Supposedly a Cameroon NCLT coin - cobalt plated steel coin. It does have a weird bluish hue to the coin - difficult to show. Whether it is cobalt or not, I am not sure but it sure is different from what I have seen!

 

42 Mo - Molybdenum

No reason why it can't be used for coinage but again the hardness of the coin just makes it unpractical to work with.

 

44 Ru - Ruthenium

First used in Tonga's 1967 palladium coin with 2% ruthenium but the price makes it impractical.

 

45 Rh - Rhodium

Cohen has struck bullion issue rounds in this form but price of this precious metal has made it exorbitant - at one stage it was over US$10,000/oz.

 

72 Hf - Hafnium

No idea why coins were never struck in this metal but it's often used in nuclear applications. Hm.

 

74 W - Tungsten

Extremely tough metal - most people would know tungsten carbide which is used in drill bits or ammunition. In pure form, it may be malleable but so far, it's shown to be not practically for coinage. Rumors are that when trials were used to strike medals, the die broke after the 6th strike. Note, gold plated tungsten bar has been known to fool people due to its heavy density.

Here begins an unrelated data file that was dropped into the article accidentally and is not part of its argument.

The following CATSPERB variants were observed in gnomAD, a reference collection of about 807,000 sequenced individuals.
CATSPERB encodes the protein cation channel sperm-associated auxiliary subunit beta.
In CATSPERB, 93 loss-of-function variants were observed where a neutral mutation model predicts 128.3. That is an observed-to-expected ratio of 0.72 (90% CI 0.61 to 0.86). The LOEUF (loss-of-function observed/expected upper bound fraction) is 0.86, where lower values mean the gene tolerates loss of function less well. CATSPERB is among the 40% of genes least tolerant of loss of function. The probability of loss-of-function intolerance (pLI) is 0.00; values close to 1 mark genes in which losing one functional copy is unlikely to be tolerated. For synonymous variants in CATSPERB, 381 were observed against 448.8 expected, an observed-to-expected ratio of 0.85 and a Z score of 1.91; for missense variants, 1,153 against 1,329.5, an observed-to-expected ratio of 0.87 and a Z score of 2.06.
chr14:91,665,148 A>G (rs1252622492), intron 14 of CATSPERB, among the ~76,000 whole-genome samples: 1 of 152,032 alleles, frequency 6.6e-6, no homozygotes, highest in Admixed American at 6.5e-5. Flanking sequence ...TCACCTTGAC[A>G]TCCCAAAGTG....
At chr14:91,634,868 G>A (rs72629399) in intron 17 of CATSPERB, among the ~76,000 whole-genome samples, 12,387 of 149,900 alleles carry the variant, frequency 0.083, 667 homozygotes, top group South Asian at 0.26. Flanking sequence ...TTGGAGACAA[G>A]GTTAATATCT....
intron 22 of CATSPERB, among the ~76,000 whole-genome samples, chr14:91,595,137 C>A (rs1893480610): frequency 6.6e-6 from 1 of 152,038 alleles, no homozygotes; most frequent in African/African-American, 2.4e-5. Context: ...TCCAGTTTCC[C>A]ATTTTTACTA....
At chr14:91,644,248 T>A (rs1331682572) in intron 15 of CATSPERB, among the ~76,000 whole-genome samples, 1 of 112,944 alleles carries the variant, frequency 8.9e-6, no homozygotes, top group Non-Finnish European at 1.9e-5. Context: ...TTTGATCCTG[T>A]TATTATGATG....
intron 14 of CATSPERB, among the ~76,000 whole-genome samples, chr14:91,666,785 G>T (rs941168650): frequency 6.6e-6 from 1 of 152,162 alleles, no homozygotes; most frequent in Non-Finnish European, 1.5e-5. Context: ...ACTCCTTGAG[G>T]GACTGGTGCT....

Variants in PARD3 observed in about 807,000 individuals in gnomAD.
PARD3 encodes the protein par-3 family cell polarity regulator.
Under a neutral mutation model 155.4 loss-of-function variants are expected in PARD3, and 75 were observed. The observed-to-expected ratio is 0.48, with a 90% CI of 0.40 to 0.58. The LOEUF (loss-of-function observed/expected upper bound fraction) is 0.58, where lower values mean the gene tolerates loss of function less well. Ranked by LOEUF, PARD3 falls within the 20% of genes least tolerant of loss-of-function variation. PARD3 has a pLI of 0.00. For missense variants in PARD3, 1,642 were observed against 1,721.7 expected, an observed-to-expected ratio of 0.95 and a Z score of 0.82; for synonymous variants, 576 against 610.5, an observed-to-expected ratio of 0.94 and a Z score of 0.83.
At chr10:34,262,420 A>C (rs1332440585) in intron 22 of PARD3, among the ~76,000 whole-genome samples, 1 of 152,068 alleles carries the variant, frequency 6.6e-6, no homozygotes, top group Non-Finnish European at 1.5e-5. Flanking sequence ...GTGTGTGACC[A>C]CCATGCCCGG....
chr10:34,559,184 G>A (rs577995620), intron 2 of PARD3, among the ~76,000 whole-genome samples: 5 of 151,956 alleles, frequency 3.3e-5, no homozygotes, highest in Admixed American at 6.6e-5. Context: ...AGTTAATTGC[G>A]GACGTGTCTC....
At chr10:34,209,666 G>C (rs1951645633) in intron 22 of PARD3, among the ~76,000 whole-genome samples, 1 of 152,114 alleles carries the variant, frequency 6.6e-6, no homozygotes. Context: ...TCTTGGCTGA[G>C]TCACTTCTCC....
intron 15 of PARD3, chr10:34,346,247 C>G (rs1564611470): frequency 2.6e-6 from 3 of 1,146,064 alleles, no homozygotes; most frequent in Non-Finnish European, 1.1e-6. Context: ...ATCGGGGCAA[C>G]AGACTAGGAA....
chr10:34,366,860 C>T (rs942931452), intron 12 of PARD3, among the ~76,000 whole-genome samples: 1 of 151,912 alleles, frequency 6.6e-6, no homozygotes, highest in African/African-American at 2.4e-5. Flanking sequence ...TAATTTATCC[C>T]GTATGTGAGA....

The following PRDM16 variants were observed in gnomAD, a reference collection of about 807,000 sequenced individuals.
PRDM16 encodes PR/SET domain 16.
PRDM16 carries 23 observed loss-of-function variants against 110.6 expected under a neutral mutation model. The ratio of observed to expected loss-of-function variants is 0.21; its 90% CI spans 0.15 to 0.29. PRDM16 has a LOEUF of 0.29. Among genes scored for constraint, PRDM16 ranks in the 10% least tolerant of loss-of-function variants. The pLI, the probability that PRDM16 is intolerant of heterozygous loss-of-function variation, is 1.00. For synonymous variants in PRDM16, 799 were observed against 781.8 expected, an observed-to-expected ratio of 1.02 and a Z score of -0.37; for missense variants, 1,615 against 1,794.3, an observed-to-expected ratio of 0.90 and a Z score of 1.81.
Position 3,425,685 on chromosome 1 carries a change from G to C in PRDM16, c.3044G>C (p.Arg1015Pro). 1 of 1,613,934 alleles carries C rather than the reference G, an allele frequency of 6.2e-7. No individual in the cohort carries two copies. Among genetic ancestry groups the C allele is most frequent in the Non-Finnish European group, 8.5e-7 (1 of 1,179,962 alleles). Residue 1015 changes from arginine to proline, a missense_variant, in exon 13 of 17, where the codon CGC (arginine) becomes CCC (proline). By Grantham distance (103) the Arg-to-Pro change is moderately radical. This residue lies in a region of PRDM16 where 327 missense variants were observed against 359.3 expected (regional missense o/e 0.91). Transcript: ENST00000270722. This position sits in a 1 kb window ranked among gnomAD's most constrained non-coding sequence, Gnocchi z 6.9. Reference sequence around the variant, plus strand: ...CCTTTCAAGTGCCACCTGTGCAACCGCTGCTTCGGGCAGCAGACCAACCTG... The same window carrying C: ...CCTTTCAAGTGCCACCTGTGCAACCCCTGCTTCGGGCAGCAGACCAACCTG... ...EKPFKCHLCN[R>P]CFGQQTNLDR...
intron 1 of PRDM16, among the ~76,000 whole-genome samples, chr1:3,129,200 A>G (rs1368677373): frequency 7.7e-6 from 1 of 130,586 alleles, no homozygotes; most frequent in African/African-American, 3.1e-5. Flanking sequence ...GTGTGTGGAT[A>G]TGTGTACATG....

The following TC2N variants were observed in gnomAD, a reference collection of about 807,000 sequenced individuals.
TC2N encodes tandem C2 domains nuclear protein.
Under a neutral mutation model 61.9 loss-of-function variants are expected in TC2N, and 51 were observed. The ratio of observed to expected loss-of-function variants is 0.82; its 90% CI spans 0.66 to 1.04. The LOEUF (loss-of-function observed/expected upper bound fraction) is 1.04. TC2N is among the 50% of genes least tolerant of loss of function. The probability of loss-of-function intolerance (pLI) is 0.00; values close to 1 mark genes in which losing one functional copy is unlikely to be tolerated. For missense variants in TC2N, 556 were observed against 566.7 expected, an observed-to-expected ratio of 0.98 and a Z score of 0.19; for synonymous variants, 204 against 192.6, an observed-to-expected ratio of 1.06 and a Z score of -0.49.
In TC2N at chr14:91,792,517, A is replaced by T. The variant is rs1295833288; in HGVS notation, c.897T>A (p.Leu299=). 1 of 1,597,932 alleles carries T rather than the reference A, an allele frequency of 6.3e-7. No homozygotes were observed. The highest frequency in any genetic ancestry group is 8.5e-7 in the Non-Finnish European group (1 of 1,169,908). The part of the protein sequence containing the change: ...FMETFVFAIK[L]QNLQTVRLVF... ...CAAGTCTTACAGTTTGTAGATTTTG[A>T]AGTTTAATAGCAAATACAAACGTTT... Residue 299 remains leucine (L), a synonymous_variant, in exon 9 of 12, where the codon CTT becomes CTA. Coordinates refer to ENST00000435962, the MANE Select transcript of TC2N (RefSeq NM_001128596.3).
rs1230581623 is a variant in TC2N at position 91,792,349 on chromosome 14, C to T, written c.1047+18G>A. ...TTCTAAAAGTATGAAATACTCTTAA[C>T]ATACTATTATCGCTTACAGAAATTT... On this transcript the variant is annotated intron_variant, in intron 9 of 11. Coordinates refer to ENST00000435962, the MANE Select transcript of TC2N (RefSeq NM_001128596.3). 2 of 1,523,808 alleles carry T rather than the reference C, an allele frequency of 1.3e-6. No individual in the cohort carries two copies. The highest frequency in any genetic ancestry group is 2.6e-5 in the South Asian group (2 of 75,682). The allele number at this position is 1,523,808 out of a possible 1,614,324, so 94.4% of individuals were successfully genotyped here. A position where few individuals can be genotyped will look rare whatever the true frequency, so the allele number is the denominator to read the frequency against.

Some notable coin collectors or element collectors

 

Theodore Gray http://www.periodictable.com/index.html

Tony Clayton - Metals used in coins and medals http://www.coins-of-the-uk.co.uk/pics/metal.html

Metallum - Element sales http://www.elementsales.com/

 

Special thanks to Jim Rugh - one of the toughest rivals I've met doing a similar set.

 

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10 March, 2013